Six Best Sophomore Albums By One Hit Wonders


  • Big Country just before the release of the surprisingly awesome Steeltown

In the business model of the one hit wonder, the commercially unsuccessful follow-up album is essential to the tag. Had the second album not flopped, the artist would be at least a two-hit wonder. Many folks assume that these artists are only worthy of a single dose of limelight, but some have proven otherwise. Here are the six best sophomore albums by "one hit wonders."

6. Harvey Danger - King James Version "Meeting With Remarkable Men"

Harvey Danger's ultra-hit "Flagpole Sitta" was too catchy for its own good. The Seattle group's study of the tongue-piercing, zine-making, machine-raging Generation X was construed as a definition and celebration of the very culture the band felt excluded from. The band neither dove into the quirk that made its debut Where Have All The Merrymakers Gone, nor made an overtly serious record for its follow up. Rather, King James Version is a straightforward, heretic pop rock album whose opening line is "I had a lovely brunch with Jesus Christ," who later "Had to go and die for my sins and stick my ass with the check." The album is full of expertly crafted songs that make no sense on radio, except maybe "Sad Sweetheart Of The Rodeo," the single that may have charted if KJV wasn't pushed back for a year due to label drama; by its release, "Rodeo" was competing with the likes of Limp Bizkit's "Nookie" for radio attention.

5. The Buggles - Adventures In Modern Recording "Adventures In Modern Recording"

Within a year of The Buggles releasing "Video Killed The Radio Star," singer Trevor Horn was asked to replace Jon Anderson as the frontman for progressive rock juggernaut Yes. You never say no to Yes. Due to rumored tensions between Horn and Buggles co-founder Geoff Downes, Trevor hermitted himself in a studio and made the bizarre Adventures In Modern Recording. As the title and era suggest, the album is a dated attempt at predicting a future made entirely of aural plastic, but Horn makes apparent throughout that he truly believes in what he is doing. The title track is one of those great mockeries of the music industry with a bitterness that can only be achieved by someone who knows the route firsthand.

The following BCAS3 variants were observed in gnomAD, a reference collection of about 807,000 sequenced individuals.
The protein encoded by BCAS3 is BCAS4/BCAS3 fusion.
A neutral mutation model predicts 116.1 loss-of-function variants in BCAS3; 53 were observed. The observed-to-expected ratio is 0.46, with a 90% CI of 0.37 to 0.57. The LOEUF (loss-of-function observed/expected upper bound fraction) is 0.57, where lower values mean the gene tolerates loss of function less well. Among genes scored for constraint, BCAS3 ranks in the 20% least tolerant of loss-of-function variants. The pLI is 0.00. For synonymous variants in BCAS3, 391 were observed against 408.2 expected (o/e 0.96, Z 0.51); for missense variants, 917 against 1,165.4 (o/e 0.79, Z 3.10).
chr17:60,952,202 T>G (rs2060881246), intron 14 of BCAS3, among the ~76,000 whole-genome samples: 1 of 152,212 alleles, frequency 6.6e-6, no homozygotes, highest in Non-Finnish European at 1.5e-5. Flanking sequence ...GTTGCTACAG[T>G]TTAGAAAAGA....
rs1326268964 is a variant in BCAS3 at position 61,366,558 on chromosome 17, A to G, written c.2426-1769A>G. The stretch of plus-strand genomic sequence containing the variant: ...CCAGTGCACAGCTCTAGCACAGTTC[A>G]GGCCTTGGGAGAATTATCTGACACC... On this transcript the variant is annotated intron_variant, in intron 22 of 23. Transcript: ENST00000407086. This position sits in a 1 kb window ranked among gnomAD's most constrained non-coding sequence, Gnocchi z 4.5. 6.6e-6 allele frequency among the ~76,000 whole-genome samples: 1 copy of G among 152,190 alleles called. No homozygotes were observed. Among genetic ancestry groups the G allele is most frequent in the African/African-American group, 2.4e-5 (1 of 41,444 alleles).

4. Iron Butterfly - Ball "Real Fright"

Ball is a conceptual turd. Iron Butterfly made the record shortly after the unlikely success of "In-A-Gadda-Da-Vida," and it stretches all the characteristics of the song into an entire album. Drum solos abound, as do Renaissance Fair organs and Doug Ingle's proto-metal voice - all chest hair and sweat. Ball does not suck because the song it is constantly referencing, subconsciously or otherwise, is so bizarre and multifaceted that it can survive the dissection. When it works - like on the surprisingly funky "Soul Experience" and the uptempo/mid-intensity "Real Fright" - Iron Butterfly is making Pink Floyd caliber psychedelic rock. Flops like the misguided pseudo-ballad "Lonely Boy" are at least interesting, if only for being unsettling. 3. Superdrag - Head Trip In Every Key "Do The Vampire"

Superdrag's debut Regretfully Yours was responsible for "Sucked Out," but was otherwise a just okay album. Meanwhile, the sophomore album Head Trip In Every Key plays like a power pop Bible; every melody is instantaneously familiar and every track has that awesome hook where John Davis sings the name of the song. Alas, Head Trip was too subtle to spew out an obvious hit, although the band utilized its increased budget to make a fantastic album. Still, the moody lead single "Do The Vampire" is one of those songs you hear and immediately say "I know this one," even if you've never heard it in your life.

2. Big Country - Steeltown "Steeltown"

Big Country may have jinxed itself by using its own name in its breakout hit; it's difficult to think of Big Country without immediately going to "In A Big Country." In fairness, the band only qualifies as a one hit wonder domestically. The band's second album Steeltown was a massive success in the UK, and rightfully so. Opener "Flame Of The West" has all the drama of The Cure's best works and twice the urgency. Its title track sounds like what Arcade Fire sounds like when trying to sound like Bruce Springsteen. Steeltown is great because Big Country is great - the band is just a little bit better than Midnight Oil and barely not as good as XTC. There are much worse places to be.

1. Hum - Downward Is Heavenward "Comin' Home"

Some bands achieve the big hit by throwing everything into one song, almost knowing it might be the only chance it gets. Spacehog's "In The Meantime" is one of those; on a much smaller level, so are "Helicopter" by Bloc Party and "The Rat" by The Walkmen. Hum's breakthrough "Stars" might have been a fluke; the song is barely a standout on You'd Prefer An Astronaut. The band seems almost uninformed by its success on Downward Is Heavenward, except for, seemingly, the resource of increased studio time. It's obsessively crafted and sonically perfect, the space-rock Loveless. And like said masterpiece, it was Hum's swan song. But, hell, what a way to go: The aching milliseconds of pause on the post-chorus chords of "Comin' Home;" the disassembled riff of "The Inuit Promise;" the whistfulness when Matt Talbot sings the title of "Green To Me." Heavenward is a cult classic among rock-oriented hipsters (or hipness-conscious rockers), and it's only on this list due to technicality. "Stars" did not define Hum, Downward Is Heavenward, fortunately, did.